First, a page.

Top Four Dangerous Shipping Statistics


Shipping can cause deaths when people make oversights in container packing.

Dangerous situations can arise because of the weight of cargo and the way in which goods are packed. 

If shippers incorrectly follow procedures, they can compromise the integrity of hazardous shipments and cause havoc in a port or on a ship.

The statistics below come from a new technical paper 'The VGM Ruling: A Review of the Implementation' from global shipping insurer TT Club, which has explained the impact important international regulations have had since coming into force over a year ago.

Many experts have doubts about whether the legislation is receiving proper attention from the relevant authorities.

So, it is up to supply chain industry professionals to keep the statistics from TT Club at the forefront of their minds and follow the right practices.


Dangerous goods make up around 10% of all containerized shipments worldwide

Due to heightened risk, dangerous goods are a key focus within cargo integrity.

The varied aspects of cargo integrity are all important in not only safeguarding the cargo itself but also the well-being of those handling the goods at warehouses, during inland transport, at ports and of course at sea.


Poor and incorrect packing of transport units contribute to some 65% of cargo damage claims

TT Club has repeatedly publicised these findings as many claims have involved injuries, fatalities, as well as damage to other property.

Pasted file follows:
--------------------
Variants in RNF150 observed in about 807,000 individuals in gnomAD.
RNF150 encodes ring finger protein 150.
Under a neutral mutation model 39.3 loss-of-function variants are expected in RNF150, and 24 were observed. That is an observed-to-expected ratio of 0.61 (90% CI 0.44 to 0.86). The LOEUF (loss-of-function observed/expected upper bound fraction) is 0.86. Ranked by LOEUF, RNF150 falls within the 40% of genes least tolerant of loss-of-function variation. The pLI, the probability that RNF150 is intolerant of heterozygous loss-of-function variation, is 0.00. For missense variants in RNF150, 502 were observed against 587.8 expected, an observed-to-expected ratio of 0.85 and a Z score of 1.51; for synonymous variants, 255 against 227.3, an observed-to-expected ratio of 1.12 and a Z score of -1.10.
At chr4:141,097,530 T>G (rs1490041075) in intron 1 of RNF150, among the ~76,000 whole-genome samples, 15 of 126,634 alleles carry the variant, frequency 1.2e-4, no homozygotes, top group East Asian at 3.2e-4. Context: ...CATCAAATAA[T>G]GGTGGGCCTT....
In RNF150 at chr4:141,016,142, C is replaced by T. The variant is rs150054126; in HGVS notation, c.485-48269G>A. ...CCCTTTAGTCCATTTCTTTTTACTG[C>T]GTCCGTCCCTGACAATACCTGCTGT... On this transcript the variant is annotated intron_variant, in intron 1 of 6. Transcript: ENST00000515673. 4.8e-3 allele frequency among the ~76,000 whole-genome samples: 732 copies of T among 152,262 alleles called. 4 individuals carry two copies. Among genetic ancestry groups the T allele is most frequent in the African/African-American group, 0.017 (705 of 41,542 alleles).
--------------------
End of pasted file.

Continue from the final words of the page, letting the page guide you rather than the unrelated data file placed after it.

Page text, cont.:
Developments in container scanning and data analytics through digitization offer increasingly realistic opportunities to ensure that a safe trader will be approved and the activities of dangerous one will be exposed.


Dangerous goods have caused 30% of shipping incidents

TT Club has said that all stakeholders need to work together to safeguard people, cargo, assets, infrastructure, and the environment from the inherent risk of chemicals and other hazardous cargoes.

The insurer has found that unstable loads can cause traffic accidents or injuries when unpacking, while wrongly-declared dangerous can goods cause fires at warehouse facilities and at sea.


Feedback from World Shipping Council members has shown that 95% of shipments had a verified gross mass (VGM) value

On July 1, 2016, the Safety of Life at Sea (SOLAS) VGM regulation made completing one of two weighing processes mandatory in order to load packed containers on board a ship.

TT Club has claimed that there are still improvements that can be made.

But gathering definitive information from around the globe about the scale of its implementation has so far proven impossible.


Port Technology interviews with TT Club

The riskiest part of a shipping container’s journey is before it begins, according to Peregrine Storrs-Fox, Risk Management Director, TT Club:

Storrs-Fox has also explained automation's impact on port and terminal insurance and shared doubts about SOLAS VGM compliance:

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